As a PhD candidate and an Educational Technologist for ITaP, I rely on technology to keep myself organized at work, to collect research materials for my dissertation, and to keep track of things I find for my personal life. Here are three of my favorite apps and why I found them to be so helpful.
1) Evernote: This free data management system assists in keeping track of three areas of my life: work, school, and home. Each area has its own folder within Evernote. A paid account gives you a defined large storage space. The free version recharges your account monthly with storage space.
*Accessible on the platforms and devices I use, Mac/PC, and Android.
*Backed up on the cloud.
This application has:
* Tagging for organization
*The Web Clipper extension in Chrome, which allows you to turn a web page into a note.
*The ability to convert an email message into a note in Evernote.
*The ability to record and save audio in a note.
I use the tags to keep myself organized while writing my dissertation. If I find a resource I need to remember when writing Chapter 2, I can tag it as such. I can also add a “Chapter 1” tag as well so I remember to mention it in my background. I can also give it a topic or author tag so when I want all resources related to any topic or person, with one click, I have them.
I have a notebook for work. I created tags for all projects, meetings, notes, tools, and events I need to follow. I can find them and add to them wherever I am, even if all I have is my phone and the Evernote app.
I have another notebook in Evernote for personal resources such as recipes and bookmarks. Entering recipes makes them accessible anywhere I am near technology. When I find a resource my daughter might enjoy, I tag it with her name.
Anything that can use sorting or quick referencing anywhere is a great fit for Evernote. A getting started guide is here: https://evernote.com/getting_started/
Example of Evernote
2) Mendeley: I have found immense success in using Mendeley as a tool to not only collect research related resources but to search files of the scholars who contribute to the Mendeley collection.
Mendeley allows you to:
*Connect to scholars with similar research interests.
*Join groups based on your research interests.
*Connect with colleagues and share resources.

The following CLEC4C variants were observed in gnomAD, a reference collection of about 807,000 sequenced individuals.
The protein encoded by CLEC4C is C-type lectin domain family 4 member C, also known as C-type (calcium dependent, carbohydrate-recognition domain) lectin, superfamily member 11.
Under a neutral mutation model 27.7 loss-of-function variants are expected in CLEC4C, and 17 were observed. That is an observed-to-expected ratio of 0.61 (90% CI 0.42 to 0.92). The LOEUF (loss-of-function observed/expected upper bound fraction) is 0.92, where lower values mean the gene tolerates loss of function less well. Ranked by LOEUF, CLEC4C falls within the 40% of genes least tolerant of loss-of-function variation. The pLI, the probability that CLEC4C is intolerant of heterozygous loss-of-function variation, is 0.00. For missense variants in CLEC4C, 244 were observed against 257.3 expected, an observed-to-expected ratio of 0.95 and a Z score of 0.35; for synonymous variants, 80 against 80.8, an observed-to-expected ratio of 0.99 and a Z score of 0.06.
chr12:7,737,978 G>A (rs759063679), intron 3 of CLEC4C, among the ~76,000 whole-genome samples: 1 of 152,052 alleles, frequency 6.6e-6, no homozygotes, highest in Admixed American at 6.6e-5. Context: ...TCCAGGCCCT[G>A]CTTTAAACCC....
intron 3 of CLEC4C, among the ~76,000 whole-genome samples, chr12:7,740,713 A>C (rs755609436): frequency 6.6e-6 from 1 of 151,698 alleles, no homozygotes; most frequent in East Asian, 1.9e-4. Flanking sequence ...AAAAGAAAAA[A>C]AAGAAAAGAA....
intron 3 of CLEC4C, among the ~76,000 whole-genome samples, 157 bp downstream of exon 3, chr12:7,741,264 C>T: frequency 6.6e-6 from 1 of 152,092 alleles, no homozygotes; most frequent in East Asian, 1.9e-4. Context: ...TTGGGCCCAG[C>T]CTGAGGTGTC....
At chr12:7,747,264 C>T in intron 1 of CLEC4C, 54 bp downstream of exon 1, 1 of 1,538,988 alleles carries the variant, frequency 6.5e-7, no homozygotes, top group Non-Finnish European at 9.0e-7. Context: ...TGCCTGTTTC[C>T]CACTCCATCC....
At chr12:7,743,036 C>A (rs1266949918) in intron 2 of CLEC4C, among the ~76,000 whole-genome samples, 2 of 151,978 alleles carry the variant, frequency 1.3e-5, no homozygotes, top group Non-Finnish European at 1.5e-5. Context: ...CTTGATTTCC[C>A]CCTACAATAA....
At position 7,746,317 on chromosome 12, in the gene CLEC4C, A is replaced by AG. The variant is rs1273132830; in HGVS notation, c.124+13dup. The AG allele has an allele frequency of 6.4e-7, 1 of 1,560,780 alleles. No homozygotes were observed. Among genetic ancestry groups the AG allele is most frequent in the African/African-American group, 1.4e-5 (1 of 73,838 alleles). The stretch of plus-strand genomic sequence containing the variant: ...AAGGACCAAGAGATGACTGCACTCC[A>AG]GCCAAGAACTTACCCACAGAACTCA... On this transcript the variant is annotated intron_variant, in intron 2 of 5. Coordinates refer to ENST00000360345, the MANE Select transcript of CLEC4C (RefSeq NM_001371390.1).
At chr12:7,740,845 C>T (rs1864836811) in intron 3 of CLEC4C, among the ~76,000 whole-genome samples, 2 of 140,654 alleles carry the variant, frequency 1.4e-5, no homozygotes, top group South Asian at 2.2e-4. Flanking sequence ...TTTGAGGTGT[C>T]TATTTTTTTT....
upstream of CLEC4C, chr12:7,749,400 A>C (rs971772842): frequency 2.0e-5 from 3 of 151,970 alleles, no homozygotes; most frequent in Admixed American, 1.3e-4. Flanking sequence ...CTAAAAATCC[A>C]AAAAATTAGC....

*Have your journal collection accessible and backed-up on the cloud.
*Connect with your materials using the app.
*Organize your articles with tags.
*Monitor a folder on your desktop to import any journal you save right into the tool.
*Connect directly to Word with an embed feature.
I have found I need to review what I import to Mendeley because it does not always collect the citation information accurately. Once I have verified for accuracy, the citation can be copied to your clipboard and imported into a document. Mendeley also is friendly to the “drag and dropped” file. You can drop files into the tool and drag citations out of the original Mendeley file.
Mendeley is a free web-based tool. The app is also free but you need to use the web-based tool to connect with scholars and interact with peers. Your files update every time you open the application.
Mendeley Online Example
3) EasyBib online is a fee-based tool when used on the web but the app for Android and iPad is free. I do not use the web-based part of this tool. The app is helpful when I find a resource such as a physical book I would like to remember later. Opening the app immediately opens your phone or tablets camera, prompting you to take a picture of the books bar code. It then looks up several possible matches, allowing you to select the correct choice. You can also look up books according to title. The application saves a list of all things you looked up on just that device, making it an accurate but temporary repository for books you want to find again. This one feature is all the free application does but it has proven to be extremely useful, quick, and easy to use, on several occasions. Since there is no cloud storage of your information, I suggest utilizing the citation as soon as possible.
EasyBib app example
If you know of additional apps useful for the busy graduate student/mom/Ed Tech at Purdue, please share them in the comments section.
By: Bethany Croton
For more research related apps: 25 Best Research Apps for iPad and Android